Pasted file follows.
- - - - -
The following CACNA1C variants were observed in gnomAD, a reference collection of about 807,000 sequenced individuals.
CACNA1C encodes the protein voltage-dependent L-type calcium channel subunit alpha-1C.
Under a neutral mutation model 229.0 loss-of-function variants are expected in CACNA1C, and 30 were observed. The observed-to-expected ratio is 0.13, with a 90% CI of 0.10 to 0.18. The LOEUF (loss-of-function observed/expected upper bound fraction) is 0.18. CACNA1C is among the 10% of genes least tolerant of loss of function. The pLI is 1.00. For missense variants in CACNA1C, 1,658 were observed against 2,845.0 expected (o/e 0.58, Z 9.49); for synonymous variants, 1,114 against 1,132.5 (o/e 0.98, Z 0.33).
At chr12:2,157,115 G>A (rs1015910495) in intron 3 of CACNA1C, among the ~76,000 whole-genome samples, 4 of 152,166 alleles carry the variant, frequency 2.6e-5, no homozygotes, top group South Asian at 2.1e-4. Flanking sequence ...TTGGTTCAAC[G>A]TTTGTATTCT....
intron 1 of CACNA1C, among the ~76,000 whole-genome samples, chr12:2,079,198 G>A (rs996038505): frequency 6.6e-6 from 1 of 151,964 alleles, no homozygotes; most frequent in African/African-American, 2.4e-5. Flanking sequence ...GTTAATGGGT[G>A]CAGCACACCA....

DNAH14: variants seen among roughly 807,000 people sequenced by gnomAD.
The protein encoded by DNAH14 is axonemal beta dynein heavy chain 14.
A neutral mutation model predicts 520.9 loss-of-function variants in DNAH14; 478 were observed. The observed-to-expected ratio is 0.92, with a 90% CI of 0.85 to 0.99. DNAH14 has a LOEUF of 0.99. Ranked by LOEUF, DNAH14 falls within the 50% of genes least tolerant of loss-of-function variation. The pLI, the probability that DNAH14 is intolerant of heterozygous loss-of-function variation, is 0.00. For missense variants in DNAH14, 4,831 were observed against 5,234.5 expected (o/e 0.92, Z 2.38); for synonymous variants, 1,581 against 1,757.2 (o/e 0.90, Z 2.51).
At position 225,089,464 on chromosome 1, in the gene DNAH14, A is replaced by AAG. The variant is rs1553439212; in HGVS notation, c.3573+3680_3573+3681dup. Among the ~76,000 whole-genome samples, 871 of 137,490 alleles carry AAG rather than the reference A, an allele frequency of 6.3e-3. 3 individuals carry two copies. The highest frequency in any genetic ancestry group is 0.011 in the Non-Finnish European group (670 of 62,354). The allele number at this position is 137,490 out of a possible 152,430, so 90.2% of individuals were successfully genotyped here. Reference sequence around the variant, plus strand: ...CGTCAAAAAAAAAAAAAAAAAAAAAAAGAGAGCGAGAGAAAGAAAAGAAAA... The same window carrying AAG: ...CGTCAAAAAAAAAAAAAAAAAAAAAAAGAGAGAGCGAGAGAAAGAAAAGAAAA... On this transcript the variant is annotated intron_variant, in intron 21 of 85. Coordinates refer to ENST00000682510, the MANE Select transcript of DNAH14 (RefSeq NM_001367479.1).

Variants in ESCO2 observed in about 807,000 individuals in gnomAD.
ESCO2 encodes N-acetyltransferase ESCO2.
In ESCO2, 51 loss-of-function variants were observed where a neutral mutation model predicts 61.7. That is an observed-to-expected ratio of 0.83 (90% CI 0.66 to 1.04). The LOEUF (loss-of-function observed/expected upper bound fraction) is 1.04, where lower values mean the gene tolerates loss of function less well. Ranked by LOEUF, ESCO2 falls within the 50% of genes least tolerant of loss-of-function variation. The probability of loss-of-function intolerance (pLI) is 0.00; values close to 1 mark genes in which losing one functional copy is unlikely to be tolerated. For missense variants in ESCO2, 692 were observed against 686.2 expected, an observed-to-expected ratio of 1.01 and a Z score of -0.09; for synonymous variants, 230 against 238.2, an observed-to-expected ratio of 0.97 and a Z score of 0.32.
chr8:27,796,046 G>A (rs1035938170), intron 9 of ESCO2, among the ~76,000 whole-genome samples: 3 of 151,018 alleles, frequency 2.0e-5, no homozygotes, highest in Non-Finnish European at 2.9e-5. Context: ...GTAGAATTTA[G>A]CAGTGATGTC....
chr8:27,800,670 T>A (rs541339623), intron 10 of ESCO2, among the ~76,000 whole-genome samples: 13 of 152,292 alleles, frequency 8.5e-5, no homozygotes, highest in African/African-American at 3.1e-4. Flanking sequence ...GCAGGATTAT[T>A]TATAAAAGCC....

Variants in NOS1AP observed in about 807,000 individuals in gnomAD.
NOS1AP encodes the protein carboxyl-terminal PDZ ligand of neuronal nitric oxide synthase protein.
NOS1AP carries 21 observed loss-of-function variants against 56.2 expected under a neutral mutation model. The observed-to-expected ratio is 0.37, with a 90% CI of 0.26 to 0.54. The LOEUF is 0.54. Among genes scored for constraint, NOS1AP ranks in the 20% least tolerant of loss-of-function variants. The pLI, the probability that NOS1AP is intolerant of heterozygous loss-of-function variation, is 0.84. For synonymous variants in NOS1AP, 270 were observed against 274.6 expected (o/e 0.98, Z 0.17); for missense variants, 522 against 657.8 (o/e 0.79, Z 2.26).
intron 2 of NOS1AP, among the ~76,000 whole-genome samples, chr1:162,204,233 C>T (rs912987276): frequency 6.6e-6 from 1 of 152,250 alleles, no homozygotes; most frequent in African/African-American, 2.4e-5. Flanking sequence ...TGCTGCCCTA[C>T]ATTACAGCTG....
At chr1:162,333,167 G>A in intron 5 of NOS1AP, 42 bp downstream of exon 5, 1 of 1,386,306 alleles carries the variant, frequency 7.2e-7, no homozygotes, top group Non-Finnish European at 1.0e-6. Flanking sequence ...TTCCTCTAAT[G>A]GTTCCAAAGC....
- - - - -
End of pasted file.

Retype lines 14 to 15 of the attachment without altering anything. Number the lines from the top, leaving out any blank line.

chr8:27,800,670 T>A (rs541339623), intron 10 of ESCO2, among the ~76,000 whole-genome samples: 13 of 152,292 alleles, frequency 8.5e-5, no homozygotes, highest in African/African-American at 3.1e-4. Flanking sequence ...GCAGGATTAT[T>A]TATAAAAGCC....

Variants in NOS1AP observed in about 807,000 individuals in gnomAD.